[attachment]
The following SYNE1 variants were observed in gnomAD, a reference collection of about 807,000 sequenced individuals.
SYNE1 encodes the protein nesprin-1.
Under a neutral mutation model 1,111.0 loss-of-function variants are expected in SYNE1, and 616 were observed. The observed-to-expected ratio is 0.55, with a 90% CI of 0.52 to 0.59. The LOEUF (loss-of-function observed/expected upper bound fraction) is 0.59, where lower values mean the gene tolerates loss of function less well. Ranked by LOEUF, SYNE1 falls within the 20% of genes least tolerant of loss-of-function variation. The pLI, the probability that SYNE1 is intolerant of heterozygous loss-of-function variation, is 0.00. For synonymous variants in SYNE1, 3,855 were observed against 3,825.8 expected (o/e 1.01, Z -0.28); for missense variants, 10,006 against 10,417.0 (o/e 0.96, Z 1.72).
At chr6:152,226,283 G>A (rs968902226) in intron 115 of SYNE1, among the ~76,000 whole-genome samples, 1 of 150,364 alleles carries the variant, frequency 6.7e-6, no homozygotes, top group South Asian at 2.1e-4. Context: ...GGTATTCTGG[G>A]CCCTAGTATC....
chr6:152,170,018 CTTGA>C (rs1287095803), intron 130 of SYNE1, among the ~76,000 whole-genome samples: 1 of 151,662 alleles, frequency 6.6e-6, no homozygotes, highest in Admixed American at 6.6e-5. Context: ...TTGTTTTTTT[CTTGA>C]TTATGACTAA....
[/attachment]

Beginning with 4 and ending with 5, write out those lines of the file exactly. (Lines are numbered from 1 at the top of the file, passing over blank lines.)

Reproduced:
At chr6:152,226,283 G>A (rs968902226) in intron 115 of SYNE1, among the ~76,000 whole-genome samples, 1 of 150,364 alleles carries the variant, frequency 6.7e-6, no homozygotes, top group South Asian at 2.1e-4. Context: ...GGTATTCTGG[G>A]CCCTAGTATC....
chr6:152,170,018 CTTGA>C (rs1287095803), intron 130 of SYNE1, among the ~76,000 whole-genome samples: 1 of 151,662 alleles, frequency 6.6e-6, no homozygotes, highest in Admixed American at 6.6e-5. Context: ...TTGTTTTTTT[CTTGA>C]TTATGACTAA....